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Rush Limbaugh

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RUSH: I just checked the e-mail while I was on a call, and I got a couple naysayers, ‘Come on, Rush! See, this is what you always do, what you always do. So somebody says, ‘We don’t want to have a ruckus or any trouble in Texas,’ and you say, ‘Of course not! We’re not allowed to protest the Dear Leader in North Korea. We’re not allowed to protest the Dear Leader in Cuba or in Russia.’ There you go, Rush, comparing the Obama people and so forth to communists. Why do you always do this? This is why, Rush, people think that you go too far.’ Oh. Okay. Well, I have a sound bite here from June of this year in Washington at the Washington National Cathedral during the Potomac, Maryland, St. Andrews Episcopal school graduation. White House Communications Director Anita Dunn this past June. Here is a portion of her remarks.

DUNN: The third lesson and tip actually come from two of my favorite political philosophers: Mao Tse-tung and Mother Teresa. Not often coupled with each other. In 1947, when Mao Tse-tung was being challenged within his own party on his plan to basically take China over, the Nationalist Chinese helped the cities, they had the army, they had the Air Force, they had everything on their side. And people said, ‘How can you win? How can you do this? How can you do this? Against all the odds against you?’ And Mao Tse-tung said, ‘You fight your war and I’ll fight mine,’ and think about that for a second.

RUSH: Folks (stammering) Get ready, Mike, because I’m going to play this again. This is the White House communications director, Anita Dunn, speaking to a graduating class at the Washington National Cathedral in June. One of her favorite political philosophers is Mao Tse-tung. ‘When Mao Tse-tung was being challenged within his own party on his plan to take over China,’ all the other people said: Look, your enemies have the cities, they got the jets, they’ve got the military, they got the army, how can you do that? You fight your war… She is saying one of her favorite philosophers is a guy who brought communism to his country and took it over, and she is Obama’s communications director! So don’t tell me that I’m going too far when I say, ‘We can’t protest the Dear Leader in Texas. Why, they don’t do that in North Korea. They don’t do that in Cuba. Don’t do that in Russia.’ Who’s got the Army in the cities today? Obama doesn’t have to take them over. They’re under his control. I know people don’t want to face this. ‘I can’t believe this, Rush. This is just too much.’ Here, listen again and believe it.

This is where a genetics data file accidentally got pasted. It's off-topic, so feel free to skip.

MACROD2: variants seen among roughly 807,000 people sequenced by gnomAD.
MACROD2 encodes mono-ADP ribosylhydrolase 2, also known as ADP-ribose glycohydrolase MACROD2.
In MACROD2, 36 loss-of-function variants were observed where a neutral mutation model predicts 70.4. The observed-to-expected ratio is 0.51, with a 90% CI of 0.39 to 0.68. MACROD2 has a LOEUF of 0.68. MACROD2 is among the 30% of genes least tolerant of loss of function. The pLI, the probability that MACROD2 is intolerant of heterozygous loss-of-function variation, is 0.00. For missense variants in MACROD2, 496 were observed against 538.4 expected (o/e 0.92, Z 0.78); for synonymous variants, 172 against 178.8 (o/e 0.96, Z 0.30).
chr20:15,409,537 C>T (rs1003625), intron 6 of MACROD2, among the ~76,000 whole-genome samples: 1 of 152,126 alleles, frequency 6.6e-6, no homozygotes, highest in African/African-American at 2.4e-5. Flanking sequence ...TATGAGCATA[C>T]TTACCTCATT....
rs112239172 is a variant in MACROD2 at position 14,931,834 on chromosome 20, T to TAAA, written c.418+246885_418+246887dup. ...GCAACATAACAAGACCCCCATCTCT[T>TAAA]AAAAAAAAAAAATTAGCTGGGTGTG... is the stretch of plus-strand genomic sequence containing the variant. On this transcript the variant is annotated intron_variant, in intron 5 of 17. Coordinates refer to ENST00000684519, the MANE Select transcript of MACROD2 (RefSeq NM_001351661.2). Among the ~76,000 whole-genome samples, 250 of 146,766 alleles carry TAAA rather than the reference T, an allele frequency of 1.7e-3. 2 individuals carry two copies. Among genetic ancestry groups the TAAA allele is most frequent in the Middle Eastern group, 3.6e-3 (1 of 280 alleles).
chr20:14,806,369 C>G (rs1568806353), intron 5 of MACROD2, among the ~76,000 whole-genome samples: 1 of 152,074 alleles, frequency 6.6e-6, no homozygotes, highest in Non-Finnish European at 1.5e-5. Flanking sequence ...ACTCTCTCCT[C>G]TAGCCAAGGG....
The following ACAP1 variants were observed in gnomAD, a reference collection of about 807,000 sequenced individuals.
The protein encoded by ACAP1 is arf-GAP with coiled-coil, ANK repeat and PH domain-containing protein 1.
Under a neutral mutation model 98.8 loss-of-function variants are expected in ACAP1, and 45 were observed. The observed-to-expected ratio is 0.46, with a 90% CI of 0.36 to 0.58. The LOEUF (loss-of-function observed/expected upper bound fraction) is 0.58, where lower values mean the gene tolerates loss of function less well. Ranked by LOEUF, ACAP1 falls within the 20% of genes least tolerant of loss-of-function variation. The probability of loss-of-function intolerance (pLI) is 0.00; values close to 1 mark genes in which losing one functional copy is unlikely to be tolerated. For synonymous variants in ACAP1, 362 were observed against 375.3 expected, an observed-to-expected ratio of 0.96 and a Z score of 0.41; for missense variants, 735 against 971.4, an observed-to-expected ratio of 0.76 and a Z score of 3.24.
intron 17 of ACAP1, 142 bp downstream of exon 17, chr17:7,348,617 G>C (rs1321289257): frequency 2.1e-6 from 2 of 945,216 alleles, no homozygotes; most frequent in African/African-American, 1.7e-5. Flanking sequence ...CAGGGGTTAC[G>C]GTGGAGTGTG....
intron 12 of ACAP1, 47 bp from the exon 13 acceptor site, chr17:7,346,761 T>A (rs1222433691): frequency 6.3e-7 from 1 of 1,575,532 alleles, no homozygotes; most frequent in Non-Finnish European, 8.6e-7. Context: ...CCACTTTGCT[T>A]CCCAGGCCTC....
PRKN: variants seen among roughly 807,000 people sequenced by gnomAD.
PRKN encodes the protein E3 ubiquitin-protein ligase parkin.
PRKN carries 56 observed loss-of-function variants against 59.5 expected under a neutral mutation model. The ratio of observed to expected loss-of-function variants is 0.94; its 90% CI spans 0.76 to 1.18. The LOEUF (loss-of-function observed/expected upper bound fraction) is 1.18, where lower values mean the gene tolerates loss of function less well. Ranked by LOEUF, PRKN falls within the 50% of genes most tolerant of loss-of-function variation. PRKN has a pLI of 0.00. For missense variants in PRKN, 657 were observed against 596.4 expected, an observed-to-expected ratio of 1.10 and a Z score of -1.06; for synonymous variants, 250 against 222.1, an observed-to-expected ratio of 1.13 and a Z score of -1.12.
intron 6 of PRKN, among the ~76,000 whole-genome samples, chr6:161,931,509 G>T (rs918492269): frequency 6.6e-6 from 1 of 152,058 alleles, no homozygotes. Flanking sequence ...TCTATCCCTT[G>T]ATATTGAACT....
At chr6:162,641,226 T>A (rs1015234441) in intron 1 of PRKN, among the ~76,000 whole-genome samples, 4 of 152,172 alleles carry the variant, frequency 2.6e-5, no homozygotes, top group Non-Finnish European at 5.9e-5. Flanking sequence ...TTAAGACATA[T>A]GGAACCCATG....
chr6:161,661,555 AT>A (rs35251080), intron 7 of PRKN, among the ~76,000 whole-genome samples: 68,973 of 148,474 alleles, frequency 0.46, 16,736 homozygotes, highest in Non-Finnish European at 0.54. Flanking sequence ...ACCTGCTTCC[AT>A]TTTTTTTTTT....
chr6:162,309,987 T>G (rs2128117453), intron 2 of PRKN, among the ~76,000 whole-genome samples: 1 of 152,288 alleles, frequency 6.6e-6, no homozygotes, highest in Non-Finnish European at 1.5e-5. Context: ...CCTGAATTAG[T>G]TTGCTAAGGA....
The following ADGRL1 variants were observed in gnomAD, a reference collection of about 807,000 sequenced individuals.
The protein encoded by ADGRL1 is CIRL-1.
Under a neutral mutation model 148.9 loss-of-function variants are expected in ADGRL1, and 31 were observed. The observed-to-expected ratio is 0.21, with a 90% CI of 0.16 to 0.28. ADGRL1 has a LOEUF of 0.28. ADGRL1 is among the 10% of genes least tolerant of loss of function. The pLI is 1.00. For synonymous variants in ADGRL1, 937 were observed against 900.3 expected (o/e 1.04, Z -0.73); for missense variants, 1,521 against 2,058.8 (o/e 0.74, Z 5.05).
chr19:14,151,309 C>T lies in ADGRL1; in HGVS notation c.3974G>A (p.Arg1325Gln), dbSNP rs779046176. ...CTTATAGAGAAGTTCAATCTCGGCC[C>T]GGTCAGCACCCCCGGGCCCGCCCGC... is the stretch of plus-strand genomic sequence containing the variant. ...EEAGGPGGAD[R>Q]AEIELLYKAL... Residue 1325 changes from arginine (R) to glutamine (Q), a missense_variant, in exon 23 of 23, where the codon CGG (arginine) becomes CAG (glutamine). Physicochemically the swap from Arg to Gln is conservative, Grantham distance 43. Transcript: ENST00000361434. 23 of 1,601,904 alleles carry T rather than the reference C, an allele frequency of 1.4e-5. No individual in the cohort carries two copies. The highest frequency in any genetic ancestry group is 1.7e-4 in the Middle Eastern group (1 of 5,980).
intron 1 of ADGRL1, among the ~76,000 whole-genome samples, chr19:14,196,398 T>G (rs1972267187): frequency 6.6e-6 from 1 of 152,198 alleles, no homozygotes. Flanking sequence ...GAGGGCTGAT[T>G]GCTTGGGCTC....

DUNN: The third lesson and tip actually come from two of my favorite political philosophers: Mao Tse-tung and Mother Teresa. Not often coupled with each other. In 1947, when Mao Tse-tung was being challenged within his own party on his plan to basically take China over, the Nationalist Chinese helped the cities, they had the army, they had the Air Force, they had everything on their side. And people said, ‘How can you win? How can you do this? How can you do this? Against all the odds against you?’ And Mao Tse-tung said, ‘You fight your war and I’ll fight mine,’ and think about that for a second.

BREAK TRANSCRIPT

RUSH: A question I have for Anita Dunn who admires Mao Tse-tung. Anita, is Mao Tse-tung your favorite murderer, too? How many did he kill, 30 million, 70 million? The numbers vary here. It’s politically incorrect to call Mao a murderer. How many did he kill, 30 million people or 70? I think 70 million might be the Soviets. Still, we admire him, don’t we?

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